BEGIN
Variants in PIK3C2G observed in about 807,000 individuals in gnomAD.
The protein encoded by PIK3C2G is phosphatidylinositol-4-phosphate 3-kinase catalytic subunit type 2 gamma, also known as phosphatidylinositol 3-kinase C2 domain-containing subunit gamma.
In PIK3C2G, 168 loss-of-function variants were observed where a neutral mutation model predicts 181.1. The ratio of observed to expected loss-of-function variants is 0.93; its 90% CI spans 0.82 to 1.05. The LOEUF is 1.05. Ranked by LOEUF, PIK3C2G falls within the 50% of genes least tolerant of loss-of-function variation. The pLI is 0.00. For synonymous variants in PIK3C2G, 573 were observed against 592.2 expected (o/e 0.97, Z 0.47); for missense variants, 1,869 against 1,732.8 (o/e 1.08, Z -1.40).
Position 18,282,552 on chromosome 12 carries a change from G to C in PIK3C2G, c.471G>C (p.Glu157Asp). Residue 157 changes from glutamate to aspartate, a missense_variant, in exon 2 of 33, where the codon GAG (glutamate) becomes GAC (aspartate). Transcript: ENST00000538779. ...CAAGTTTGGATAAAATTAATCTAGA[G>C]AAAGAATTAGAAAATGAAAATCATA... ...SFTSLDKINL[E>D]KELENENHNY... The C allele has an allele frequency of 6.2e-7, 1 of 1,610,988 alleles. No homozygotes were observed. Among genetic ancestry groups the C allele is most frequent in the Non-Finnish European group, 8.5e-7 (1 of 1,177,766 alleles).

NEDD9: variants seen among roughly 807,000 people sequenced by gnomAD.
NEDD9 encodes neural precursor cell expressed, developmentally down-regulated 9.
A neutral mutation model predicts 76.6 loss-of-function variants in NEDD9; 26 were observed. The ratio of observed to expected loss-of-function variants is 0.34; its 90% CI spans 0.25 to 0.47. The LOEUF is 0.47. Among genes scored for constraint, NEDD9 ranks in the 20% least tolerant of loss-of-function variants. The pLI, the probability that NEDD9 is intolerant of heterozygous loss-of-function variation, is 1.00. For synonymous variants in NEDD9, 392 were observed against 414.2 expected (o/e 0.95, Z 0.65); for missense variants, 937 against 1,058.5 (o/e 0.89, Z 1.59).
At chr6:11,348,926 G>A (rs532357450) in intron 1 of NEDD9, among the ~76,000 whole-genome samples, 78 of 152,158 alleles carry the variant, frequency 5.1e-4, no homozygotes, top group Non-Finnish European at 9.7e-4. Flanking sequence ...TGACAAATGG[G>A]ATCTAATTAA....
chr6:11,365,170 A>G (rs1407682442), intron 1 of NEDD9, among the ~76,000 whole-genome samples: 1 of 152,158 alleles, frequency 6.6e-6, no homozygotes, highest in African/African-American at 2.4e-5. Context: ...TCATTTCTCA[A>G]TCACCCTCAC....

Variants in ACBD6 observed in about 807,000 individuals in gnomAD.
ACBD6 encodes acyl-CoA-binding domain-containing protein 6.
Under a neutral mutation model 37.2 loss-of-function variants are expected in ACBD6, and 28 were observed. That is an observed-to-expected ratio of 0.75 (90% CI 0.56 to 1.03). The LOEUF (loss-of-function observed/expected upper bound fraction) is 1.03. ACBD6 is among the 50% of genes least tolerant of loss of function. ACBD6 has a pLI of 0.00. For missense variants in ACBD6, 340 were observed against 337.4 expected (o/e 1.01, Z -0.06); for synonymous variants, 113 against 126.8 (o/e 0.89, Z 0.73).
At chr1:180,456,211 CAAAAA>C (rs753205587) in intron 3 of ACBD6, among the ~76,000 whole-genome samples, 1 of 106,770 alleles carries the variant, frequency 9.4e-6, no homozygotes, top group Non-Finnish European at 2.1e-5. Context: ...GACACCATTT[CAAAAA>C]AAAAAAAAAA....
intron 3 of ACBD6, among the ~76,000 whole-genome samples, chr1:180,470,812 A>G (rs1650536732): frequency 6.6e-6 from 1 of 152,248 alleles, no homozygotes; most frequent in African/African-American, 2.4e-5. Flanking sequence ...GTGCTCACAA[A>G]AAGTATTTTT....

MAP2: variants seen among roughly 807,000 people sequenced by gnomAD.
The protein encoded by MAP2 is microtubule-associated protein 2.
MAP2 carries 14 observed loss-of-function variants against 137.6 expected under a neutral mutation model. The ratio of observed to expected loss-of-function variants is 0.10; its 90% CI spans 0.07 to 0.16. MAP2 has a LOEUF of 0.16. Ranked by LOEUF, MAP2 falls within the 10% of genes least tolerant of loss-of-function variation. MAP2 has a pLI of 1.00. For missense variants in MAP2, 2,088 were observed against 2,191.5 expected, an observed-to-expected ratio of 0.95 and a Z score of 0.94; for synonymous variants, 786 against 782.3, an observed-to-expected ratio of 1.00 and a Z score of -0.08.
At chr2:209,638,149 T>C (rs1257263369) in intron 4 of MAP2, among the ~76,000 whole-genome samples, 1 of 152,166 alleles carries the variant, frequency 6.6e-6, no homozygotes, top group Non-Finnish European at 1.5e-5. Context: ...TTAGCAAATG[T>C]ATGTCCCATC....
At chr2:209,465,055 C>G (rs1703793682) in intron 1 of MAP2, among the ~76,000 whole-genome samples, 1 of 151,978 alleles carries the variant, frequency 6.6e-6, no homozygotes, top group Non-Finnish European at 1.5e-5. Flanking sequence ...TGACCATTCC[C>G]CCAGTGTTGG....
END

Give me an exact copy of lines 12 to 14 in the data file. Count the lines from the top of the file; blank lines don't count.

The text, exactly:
Under a neutral mutation model 37.2 loss-of-function variants are expected in ACBD6, and 28 were observed. That is an observed-to-expected ratio of 0.75 (90% CI 0.56 to 1.03). The LOEUF (loss-of-function observed/expected upper bound fraction) is 1.03. ACBD6 is among the 50% of genes least tolerant of loss of function. ACBD6 has a pLI of 0.00. For missense variants in ACBD6, 340 were observed against 337.4 expected (o/e 1.01, Z -0.06); for synonymous variants, 113 against 126.8 (o/e 0.89, Z 0.73).
At chr1:180,456,211 CAAAAA>C (rs753205587) in intron 3 of ACBD6, among the ~76,000 whole-genome samples, 1 of 106,770 alleles carries the variant, frequency 9.4e-6, no homozygotes, top group Non-Finnish European at 2.1e-5. Context: ...GACACCATTT[CAAAAA>C]AAAAAAAAAA....
intron 3 of ACBD6, among the ~76,000 whole-genome samples, chr1:180,470,812 A>G (rs1650536732): frequency 6.6e-6 from 1 of 152,248 alleles, no homozygotes; most frequent in African/African-American, 2.4e-5. Flanking sequence ...GTGCTCACAA[A>G]AAGTATTTTT....